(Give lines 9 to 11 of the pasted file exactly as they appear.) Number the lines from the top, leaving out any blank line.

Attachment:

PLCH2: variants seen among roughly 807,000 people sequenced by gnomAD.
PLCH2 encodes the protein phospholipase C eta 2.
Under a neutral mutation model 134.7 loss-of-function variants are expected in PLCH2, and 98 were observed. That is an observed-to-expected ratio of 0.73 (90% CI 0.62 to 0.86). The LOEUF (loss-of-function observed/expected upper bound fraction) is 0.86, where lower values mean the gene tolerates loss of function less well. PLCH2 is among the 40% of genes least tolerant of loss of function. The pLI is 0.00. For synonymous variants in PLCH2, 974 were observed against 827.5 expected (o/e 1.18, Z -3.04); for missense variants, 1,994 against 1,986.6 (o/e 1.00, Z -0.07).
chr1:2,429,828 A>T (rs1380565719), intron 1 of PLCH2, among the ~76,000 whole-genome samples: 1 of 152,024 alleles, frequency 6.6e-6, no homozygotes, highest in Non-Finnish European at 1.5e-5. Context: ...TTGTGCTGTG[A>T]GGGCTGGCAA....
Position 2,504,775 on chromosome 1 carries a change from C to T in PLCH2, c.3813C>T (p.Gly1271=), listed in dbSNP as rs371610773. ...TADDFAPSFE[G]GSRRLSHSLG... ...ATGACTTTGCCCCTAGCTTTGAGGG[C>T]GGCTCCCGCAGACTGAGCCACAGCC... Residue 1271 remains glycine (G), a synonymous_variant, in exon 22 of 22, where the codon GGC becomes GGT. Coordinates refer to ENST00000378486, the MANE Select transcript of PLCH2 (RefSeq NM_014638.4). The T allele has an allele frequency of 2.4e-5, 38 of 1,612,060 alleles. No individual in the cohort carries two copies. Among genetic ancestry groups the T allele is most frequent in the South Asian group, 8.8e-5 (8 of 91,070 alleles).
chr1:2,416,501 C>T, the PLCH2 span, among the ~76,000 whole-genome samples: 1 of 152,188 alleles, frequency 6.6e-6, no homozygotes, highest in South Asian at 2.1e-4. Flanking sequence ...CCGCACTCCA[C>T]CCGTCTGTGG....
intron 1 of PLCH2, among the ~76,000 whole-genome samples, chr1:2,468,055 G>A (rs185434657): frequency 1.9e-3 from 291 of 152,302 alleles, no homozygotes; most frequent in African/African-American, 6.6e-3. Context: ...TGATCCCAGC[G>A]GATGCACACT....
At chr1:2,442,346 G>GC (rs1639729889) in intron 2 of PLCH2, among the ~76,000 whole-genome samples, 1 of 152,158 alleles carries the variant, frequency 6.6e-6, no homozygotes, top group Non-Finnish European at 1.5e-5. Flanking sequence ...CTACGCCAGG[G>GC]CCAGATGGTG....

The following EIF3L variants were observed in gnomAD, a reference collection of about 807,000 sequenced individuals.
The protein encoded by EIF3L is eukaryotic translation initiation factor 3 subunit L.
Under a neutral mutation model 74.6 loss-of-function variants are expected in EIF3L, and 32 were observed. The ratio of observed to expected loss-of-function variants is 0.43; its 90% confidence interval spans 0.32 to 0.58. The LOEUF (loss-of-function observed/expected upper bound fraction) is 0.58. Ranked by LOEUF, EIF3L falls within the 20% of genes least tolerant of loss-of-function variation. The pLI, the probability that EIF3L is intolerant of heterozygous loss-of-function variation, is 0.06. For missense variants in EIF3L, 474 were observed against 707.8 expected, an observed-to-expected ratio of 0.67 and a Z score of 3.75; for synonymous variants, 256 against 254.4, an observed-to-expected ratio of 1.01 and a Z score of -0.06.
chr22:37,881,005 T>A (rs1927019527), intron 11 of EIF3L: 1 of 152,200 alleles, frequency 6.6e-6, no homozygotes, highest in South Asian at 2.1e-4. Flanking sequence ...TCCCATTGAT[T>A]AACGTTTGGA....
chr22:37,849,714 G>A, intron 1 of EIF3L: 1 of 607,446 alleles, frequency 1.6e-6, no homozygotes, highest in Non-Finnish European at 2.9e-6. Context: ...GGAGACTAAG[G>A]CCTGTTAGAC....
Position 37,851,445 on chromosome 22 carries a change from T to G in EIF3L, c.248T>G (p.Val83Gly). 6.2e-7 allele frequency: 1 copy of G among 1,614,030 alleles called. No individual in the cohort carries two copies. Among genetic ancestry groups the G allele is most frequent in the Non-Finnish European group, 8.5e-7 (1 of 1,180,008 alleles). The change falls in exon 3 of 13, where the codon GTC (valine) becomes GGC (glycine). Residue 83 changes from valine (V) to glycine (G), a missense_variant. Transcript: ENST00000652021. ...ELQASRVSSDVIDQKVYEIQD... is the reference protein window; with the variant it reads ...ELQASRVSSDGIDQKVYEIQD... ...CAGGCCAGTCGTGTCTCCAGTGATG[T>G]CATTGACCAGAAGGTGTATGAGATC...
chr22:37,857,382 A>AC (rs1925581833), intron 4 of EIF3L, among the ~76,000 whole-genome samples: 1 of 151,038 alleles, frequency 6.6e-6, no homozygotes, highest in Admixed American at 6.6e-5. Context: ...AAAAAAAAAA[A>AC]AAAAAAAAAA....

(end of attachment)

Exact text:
The following EIF3L variants were observed in gnomAD, a reference collection of about 807,000 sequenced individuals.
The protein encoded by EIF3L is eukaryotic translation initiation factor 3 subunit L.
Under a neutral mutation model 74.6 loss-of-function variants are expected in EIF3L, and 32 were observed. The ratio of observed to expected loss-of-function variants is 0.43; its 90% confidence interval spans 0.32 to 0.58. The LOEUF (loss-of-function observed/expected upper bound fraction) is 0.58. Ranked by LOEUF, EIF3L falls within the 20% of genes least tolerant of loss-of-function variation. The pLI, the probability that EIF3L is intolerant of heterozygous loss-of-function variation, is 0.06. For missense variants in EIF3L, 474 were observed against 707.8 expected, an observed-to-expected ratio of 0.67 and a Z score of 3.75; for synonymous variants, 256 against 254.4, an observed-to-expected ratio of 1.01 and a Z score of -0.06.